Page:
If you have ever watched My Big Fat Greek Wedding and thought that Aunt Voula was joking when she said she would make lamb for Toula’s vegetarian boyfriend, then you have clearly never been around anyone from Greece. Lamb is a huge staple of the Grecian diet, and I was fortunate enough to get a first hand experience of this two weeks ago, when I went to Greece for a study tour with my Religious Mythos and Philosophical Logos class. From the fantastic food, to the warm weather, and the charismatic company, I do not think I have ever smiled so much in my entire life.
In case you have not heard, Copenhagen weather has been a little dreary lately (the sun is scheduled to set at 4:29 today). And in case you do not know me very well, I have self-diagnosed myself with Seasonal Affective Disorder, and I firmly believe that I am a horrible person to be around if I have a vitamin D deficiency. Thankfully, the trip to Greece came at a perfect time – right when the monster in me was beginning to come out.
Like any study tour, we hit the ground running and got about 5 hours of sleep each night. I was joking to my roommate that I saw so many ruins that they were all beginning to look the same, and I wish I could say that I was joking. Of course, we saw the Acropolis and the Parthenon, because what would a trip to Athens be without seeing the most famous monuments in the country? Personally though, I thought that tourists and construction completely ruined them. If you feel so inclined, look up what Martin Heidegger has to say about this – it may be one of the few times I actually agree with him about something. It is impossible to fully embrace the historical significance of the sites when you have throngs of tourists surrounding the area with their “selfie sticks”. Regardless, it was so surreal just to be standing in such monumental places.
I could talk all day about all of the places we visited, and in reality, I probably should just so that I do not forget them, but let’s be real…that is a lot to write about and I genuinely do not think that it is the actual monument that matters. I know how important it is that I got to see such amazing places, and I really do cherish that opportunity, but the way I felt is so much more important than the history and information that I took in. I will forget most of the facts that were thrown at me, but I will never forget the way that I felt at these places.
The philosophy nerd in me loved visiting the scene where Socrates’ execution took place. Brian, our professor, sat us down at the place where Socrates was given the hemlock and then gave us a lecture that made all of us really think about death for quite possibly the first time in our lives. Brian kept emphasizing how Socrates was not afraid to die and how that is the true pursuit of a philosopher – to live a life to its full extent and to recognize that you have lived a “good life”. Brian asked us if we would feel like we lived a noble and righteous life if we were to die at that exact moment. Most students immediately shook their heads as if to say “Hell no, I’m only 20!”. I, on the other hand, started looking back on my life and thinking about the choices that I have made. I have loved and been loved in return, I have been heartbroken way more than I would like to admit, I have gotten to travel to so many places in the short amount of time I have been on this earth, and I have been fully aware of how amazing my life has been so far. While there is so much more that is left for me to do and I am not by any means ready to die, I can sit down and honestly say that if I were to die at this exact moment, I would be proud of the life that I have lived. To quote The Avett Brothers, “if I live the life I’m given, I won’t be scared to die”. I know some people cannot hear the music I have playing, but I hope at least a few readers get to hear the song I have chosen for this post – it’s a good one.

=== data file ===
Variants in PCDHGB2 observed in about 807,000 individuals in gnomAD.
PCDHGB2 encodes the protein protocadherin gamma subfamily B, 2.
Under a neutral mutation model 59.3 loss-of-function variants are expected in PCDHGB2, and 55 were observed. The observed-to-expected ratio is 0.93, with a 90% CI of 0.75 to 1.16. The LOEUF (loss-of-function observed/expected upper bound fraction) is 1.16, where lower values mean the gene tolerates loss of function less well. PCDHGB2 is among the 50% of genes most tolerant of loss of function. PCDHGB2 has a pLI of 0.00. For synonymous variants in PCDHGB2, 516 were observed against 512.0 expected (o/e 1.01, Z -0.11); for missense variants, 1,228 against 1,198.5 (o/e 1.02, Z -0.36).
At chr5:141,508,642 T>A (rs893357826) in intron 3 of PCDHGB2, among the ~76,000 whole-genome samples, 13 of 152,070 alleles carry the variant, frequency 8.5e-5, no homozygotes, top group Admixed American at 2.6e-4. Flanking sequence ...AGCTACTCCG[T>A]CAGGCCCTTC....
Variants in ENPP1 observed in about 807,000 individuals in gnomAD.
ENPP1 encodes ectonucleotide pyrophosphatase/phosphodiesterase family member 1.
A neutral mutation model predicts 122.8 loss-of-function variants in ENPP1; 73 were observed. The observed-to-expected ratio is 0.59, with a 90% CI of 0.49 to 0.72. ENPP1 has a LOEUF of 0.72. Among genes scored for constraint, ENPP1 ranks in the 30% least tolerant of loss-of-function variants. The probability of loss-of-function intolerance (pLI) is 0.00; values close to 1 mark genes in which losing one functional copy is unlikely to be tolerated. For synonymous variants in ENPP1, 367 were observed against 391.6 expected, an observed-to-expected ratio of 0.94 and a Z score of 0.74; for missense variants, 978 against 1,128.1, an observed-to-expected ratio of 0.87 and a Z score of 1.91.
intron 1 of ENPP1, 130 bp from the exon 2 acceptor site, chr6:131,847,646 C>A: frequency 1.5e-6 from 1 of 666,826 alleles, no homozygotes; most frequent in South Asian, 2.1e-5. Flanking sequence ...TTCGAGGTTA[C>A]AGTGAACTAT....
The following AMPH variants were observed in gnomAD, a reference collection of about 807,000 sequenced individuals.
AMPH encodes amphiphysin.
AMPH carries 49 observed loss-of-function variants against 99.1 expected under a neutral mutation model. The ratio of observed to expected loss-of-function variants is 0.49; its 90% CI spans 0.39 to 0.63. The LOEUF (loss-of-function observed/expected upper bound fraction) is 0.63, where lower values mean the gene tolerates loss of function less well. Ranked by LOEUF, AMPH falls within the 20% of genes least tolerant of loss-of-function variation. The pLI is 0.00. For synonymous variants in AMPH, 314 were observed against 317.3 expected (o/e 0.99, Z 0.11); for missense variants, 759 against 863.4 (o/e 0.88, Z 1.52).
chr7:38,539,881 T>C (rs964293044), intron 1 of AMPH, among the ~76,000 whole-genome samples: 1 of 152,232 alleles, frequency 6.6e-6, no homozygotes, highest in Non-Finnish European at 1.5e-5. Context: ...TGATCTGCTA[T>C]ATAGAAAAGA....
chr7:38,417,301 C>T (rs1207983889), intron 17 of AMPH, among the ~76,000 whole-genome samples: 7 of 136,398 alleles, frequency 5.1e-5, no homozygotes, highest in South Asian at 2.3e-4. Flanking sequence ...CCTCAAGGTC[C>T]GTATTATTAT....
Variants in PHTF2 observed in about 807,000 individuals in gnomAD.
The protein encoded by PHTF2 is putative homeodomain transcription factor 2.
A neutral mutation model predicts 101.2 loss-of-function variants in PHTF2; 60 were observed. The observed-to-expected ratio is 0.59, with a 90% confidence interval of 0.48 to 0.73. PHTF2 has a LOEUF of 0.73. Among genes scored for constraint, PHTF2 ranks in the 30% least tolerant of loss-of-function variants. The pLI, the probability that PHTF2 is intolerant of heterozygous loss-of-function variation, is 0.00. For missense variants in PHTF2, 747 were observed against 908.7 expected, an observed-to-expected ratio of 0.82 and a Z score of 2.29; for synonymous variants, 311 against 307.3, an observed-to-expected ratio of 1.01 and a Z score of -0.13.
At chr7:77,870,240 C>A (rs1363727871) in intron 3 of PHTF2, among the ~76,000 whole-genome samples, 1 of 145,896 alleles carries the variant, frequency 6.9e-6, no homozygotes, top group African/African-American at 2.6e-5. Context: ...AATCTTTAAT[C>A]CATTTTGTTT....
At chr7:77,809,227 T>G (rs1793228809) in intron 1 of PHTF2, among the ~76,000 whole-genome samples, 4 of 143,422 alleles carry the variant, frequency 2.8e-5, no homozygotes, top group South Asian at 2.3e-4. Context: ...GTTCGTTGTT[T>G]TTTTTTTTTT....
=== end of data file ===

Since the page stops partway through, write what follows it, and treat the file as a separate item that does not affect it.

One of my favorite moments from the trip was when we traveled to Poseidon’s Temple on top of Mount Sounion.
There were hardly any crowds and we got to hear riveting stories about the The Labryinth of Crete, which is just a short boat ride away. The cherry on top, however, was when a group of us decide to go off course a little bit and then jump into the Aegean Sea. Climbing down the rocks to get to the shore was terrifying (and probably illegal considering nobody else was doing it) and then having to dodge all of the sea urchins once we got into the water just intensified the adrenaline rush we were all feeling. Swimming in the sea right next to Poseidon’s Temple was hands down the best experience of my life, and it was one that I immediately knew would stay with me forever.
I am going to leave y’all hanging and abruptly end this blog post. I still have so much more to talk about (like how I had an 8 course meal one night), but I will just do my best to include that in another post later on. One of the biggest perks of living with 36 other people is that the internet is extremely sketchy and always cutting off, and I am not trying to have another panic attack where I am wondering how much of my post got deleted.
So as the Greeks say, αντιο
(I googled how to say goodbye in Greek, so I have no idea if that is actually correct or not)